There are many ways that someone can be denied workers’ compensation benefits. Sometimes it is determined that the accident giving rise to the injury never occurred, other times the claim is filed too late, and in other cases the capacity in which the worker was hired determines eligibility for benefits. The last scenario is illustrated in a case brought to the New Orleans Office of Workers’ Compensation (“OWC”) in 2016.
Federico Martinez was among several workers hired by Jarislov Rames to lower a washer/dryer unit from Rames’ second floor apartment to street level. During the operation, one of the cords used to lower the unit broke loose and lacerated Martinez’s hand.
After the job was finished, Rames drove Martinez to the emergency room and paid the up-front $500 fee for Martinez to receive stitches. When Martinez demanded payment for the washer/dryer job, Rames withheld the $500 from Martinez’s pay and told Martinez that the rest of the emergency room fee would be deducted from future payments.
Martinez filed a Disputed Claim for Compensation with the OWC, arguing that Rames owed him workers’ compensation benefits due to his laceration injury. The OWC, after a hearing, held that Martinez was not entitled to benefits because he was not an employee of Rames; rather, Martinez was an independent contractor. Martinez appealed to the Louisiana Court of Appeal for the Fourth Circuit and, while he did not challenge that he was an independent contractor, he argued that the OWC court did not apply the “manual labor exception” to the independent contractor doctrine.
Before we examine the court’s analysis of Martinez’s appeal, let us consider the difference between an employee and independent contractor. In Louisiana, factors to help decide whether someone is an employee or an independent contractor include: a binding contract between the parties; an independent nature to the work; control belonging to the employer concerning only the result of the work; an agreed upon price; the type or duration of the work; and consequences such as breach of contract for at-will termination. Chaisson v. La. Rock Monsters, LLC, 140 So. 3d 55 (La. Ct. App. 2014). However, the most important element for an employee-employer relationship is the right of control. The court must consider the entirety of the circumstances in order to determine which party enjoyed this right. An independent contractor is defined under Louisiana law as someone who performs work, other than manual labor, for a definite payment for a specific result under the control of his employer only concerning the results of the work, not the method he uses to achieve the result. La. R.S. 23:1021(7).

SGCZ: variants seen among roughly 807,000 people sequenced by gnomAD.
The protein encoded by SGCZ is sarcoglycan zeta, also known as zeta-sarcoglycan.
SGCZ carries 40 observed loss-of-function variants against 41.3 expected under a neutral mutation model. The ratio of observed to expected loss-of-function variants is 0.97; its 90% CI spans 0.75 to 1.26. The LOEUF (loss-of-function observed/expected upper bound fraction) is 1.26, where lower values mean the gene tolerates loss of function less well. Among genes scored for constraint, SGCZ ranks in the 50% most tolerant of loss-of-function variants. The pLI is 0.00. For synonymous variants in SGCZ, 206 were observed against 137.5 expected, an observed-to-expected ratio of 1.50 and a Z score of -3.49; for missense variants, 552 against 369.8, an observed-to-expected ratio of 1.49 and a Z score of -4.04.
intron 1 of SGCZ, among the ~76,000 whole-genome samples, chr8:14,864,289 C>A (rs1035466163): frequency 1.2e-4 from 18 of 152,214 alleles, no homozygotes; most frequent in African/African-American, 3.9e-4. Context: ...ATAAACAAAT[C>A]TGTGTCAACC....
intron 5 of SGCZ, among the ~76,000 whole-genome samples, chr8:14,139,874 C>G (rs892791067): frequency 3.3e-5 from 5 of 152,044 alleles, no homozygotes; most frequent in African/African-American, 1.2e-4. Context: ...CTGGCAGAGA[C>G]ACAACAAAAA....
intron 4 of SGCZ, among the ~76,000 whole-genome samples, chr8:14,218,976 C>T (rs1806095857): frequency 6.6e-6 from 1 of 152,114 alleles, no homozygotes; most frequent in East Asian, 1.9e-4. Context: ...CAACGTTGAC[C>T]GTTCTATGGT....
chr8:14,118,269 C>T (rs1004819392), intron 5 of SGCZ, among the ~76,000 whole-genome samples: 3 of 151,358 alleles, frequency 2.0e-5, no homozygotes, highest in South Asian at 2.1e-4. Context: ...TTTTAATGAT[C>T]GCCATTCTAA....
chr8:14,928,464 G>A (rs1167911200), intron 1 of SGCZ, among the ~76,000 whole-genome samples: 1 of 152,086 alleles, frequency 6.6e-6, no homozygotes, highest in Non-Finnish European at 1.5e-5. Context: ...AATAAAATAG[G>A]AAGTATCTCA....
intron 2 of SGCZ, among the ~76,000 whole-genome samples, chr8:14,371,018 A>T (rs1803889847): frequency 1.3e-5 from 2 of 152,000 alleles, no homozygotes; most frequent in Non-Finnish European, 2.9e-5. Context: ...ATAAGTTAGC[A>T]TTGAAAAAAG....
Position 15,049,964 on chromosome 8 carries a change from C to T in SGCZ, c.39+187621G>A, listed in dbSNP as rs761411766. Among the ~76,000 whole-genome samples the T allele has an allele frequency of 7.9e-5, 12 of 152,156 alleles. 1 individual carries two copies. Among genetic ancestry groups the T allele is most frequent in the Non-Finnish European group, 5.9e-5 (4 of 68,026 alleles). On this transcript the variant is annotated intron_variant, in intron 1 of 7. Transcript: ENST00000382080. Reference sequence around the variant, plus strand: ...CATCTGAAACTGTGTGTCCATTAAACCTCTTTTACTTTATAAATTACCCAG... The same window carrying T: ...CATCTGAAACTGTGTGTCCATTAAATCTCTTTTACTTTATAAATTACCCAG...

There is an exception within this definition. An independent contractor can be entitled to workers’ compensation benefits if he can show that a substantial part of his work time was spent in manual labor for completing the terms of his contract with his employer, and the work he did was part of his employer’s trade business or occupation. Steinfelds v. Villarubia, 53 So. 3d 1275 (La. Ct. App. 2010). “Substantial” does not have a specific meaning or mathematical calculation in Louisiana jurisprudence, but work will be considered to be “part of the employer’s trade, business, or occupation” if it is an essential part of or crucial for the ability of the employer to produce its goods, products, or services. La. R.S. 23:1061(A)(1).
But what is “manual labor,” exactly? In its simplest form, manual labor is work that is more physical than mental. The Louisiana Supreme Court has held that the hands-on characteristic of labor plus the strenuous quality of the work is determinative of whether the work is considered “manual.” In this case, the Court of Appeal held that the OWC should have considered whether Martinez’s job met the requirements for the manual labor exception. Because the OWC found that Martinez was an independent contractor, it should have taken the next logical step to determine whether the job he was hired to perform was manual labor, thereby availing him of the exception for workers’ compensation benefits. Therefore, the Court of Appeal vacated the OWC’s decision and remanded Martinez’s case for further proceedings.
This case shows the impact of worker classification on workers’ compensation benefits entitlement. But it also shows how a significant exception to the independent contractor rule can make determining eligibility trickier than it might seem. Indeed, eligibility may turn on the fairly nebulous characterization of the work as “manual labor.” Anyone who is injured at work who faces confusion about his employment classification should consult with an experienced workers’ compensation attorney.
Additional Sources: Martinez v. Rames
Written by Berniard Law Firm Blog Writer: Sadie Gibson
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